“Supposedly, since Finland started [giving out] these boxes, there has been a dramatic reduction in SIDS,” Karp says. “But it’s one of those things where correlation does not mean causality. They also started using microwaves during that period, but no one is crediting microwaves with stopping SIDS.” Some doctors have [posited](http://www.wcpo.com/news/local-news/hamilton-county/cincinnati/baby-box-craze-promoting-safer-infant-sleep-comes-to-cincinnati-but-doctors-arent-on-board) Finland’s low infant mortality rate has more to do with the country’s low preterm birth rate. Either way, as of now, it’s impossible to prove whether or not the baby box is behind the downward trend.
“There’s a fine line between simple and simplistic,” Karp adds, “and this idea that if babies only had had a box then they wouldn’t die is simplistic.” While Karp acknowledges that the baby box is a safe sleeping space for newborns, he points out that the real problem is that mothers—even those who have bassinets or Pack ’n Plays at their disposal—still end up putting their babies in unsafe sleeping environments.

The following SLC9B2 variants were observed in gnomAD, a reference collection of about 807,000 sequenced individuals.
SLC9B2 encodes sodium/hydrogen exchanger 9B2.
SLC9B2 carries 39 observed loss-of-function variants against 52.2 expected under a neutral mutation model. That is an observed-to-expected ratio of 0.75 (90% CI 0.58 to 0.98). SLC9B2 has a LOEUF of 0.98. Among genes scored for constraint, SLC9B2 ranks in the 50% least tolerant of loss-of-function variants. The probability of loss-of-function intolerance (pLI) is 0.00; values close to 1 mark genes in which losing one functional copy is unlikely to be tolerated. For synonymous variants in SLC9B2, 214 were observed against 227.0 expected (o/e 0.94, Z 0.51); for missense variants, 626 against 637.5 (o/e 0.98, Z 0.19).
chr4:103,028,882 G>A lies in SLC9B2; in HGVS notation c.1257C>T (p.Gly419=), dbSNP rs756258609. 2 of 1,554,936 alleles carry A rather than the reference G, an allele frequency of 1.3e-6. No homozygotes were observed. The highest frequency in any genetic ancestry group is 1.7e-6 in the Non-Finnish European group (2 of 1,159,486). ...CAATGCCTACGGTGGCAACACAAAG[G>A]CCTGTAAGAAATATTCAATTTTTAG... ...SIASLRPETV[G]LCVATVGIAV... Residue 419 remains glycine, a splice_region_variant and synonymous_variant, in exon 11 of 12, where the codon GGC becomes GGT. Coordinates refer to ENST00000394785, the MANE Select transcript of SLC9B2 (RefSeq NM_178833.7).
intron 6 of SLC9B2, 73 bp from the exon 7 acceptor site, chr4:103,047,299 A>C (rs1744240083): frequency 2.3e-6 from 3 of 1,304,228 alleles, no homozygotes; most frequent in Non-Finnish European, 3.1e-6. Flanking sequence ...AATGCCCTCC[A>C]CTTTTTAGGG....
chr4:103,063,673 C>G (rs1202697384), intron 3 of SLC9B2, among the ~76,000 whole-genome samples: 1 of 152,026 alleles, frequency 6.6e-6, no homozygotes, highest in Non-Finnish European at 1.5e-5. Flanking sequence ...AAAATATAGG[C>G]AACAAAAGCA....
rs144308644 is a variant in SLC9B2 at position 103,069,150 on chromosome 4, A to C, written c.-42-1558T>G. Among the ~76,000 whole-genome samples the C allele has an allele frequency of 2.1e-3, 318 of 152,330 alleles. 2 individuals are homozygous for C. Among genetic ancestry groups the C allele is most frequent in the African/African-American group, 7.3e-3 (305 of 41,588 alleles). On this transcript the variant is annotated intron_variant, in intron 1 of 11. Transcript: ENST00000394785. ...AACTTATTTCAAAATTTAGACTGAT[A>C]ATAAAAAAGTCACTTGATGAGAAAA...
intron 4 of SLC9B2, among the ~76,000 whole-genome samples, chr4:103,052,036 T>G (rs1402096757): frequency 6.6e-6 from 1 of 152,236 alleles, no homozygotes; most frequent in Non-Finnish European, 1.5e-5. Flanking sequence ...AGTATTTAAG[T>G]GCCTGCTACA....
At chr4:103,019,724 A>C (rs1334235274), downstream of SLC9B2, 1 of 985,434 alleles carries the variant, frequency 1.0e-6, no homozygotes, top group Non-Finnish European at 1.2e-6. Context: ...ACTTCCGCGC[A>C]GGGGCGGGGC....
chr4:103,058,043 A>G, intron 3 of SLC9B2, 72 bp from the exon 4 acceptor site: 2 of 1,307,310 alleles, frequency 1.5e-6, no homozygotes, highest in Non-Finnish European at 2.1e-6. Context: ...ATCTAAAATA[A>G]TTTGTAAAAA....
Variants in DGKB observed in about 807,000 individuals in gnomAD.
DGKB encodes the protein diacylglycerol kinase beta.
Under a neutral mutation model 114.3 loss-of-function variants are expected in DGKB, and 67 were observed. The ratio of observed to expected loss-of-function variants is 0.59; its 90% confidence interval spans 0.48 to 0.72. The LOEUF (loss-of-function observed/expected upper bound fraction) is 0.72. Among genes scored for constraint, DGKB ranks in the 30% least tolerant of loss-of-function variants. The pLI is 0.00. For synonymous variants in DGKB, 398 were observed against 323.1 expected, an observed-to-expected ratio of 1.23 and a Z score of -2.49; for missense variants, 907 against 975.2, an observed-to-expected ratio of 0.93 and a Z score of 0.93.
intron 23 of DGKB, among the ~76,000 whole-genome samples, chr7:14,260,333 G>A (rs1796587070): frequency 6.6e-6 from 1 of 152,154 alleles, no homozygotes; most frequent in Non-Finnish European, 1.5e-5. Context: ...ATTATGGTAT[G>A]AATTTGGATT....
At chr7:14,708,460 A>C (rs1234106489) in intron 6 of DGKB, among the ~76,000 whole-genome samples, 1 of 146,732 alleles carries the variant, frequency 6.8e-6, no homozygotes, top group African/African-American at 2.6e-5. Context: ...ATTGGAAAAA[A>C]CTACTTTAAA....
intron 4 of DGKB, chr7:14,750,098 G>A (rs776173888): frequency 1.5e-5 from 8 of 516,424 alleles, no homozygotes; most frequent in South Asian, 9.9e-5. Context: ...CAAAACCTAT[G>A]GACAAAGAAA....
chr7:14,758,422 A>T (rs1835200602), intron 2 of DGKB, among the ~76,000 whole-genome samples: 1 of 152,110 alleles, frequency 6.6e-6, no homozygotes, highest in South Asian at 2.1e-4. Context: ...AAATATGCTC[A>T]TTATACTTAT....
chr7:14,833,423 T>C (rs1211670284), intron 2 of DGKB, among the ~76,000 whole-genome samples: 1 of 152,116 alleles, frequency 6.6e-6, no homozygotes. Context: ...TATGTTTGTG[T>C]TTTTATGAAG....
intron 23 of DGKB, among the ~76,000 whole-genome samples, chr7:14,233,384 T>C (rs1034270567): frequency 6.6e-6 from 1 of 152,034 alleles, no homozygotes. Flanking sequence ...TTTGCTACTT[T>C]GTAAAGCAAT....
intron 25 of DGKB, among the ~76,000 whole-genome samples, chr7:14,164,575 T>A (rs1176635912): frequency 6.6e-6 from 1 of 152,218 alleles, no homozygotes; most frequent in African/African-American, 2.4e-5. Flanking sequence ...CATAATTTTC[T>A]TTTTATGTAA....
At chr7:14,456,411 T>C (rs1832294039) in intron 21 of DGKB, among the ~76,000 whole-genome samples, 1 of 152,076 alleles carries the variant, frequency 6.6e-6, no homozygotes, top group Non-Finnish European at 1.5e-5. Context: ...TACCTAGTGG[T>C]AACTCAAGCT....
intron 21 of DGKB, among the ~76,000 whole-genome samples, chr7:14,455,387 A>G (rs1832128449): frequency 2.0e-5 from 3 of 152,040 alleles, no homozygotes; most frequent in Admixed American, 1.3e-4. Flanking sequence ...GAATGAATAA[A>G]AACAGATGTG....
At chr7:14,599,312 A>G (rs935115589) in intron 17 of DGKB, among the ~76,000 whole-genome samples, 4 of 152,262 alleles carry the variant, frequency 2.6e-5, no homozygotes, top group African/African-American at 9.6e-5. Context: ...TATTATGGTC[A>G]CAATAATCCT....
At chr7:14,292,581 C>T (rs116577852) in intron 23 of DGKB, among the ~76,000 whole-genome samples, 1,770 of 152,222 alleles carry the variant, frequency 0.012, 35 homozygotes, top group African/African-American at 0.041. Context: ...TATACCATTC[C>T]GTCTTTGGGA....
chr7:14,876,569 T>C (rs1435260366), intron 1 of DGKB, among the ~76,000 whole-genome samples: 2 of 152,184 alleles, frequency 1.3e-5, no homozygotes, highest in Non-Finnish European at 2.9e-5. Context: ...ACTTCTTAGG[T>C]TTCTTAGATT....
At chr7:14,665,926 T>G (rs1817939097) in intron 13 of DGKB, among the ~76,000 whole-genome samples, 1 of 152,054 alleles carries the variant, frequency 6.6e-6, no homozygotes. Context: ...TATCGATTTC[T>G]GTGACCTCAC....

The American Academy of Pediatrics (AAP) recommends that infants sleep on their backs, in a crib or bassinet without any blankets or stuffed animals or bumpers, in order to avoid suffocation. And yet, many parents in those first frazzled months often bring their babies to sleep in their bed with them, or fail to adhere to other AAP recommendations. A report that came out in 2015 in Wisconsin found that 75 percent of babies lost to SUID in the state had a crib or bassinet at home, while 90 percent of them were exposed to soft toys or pillows. So why are parents blatantly ignoring doctor’s orders?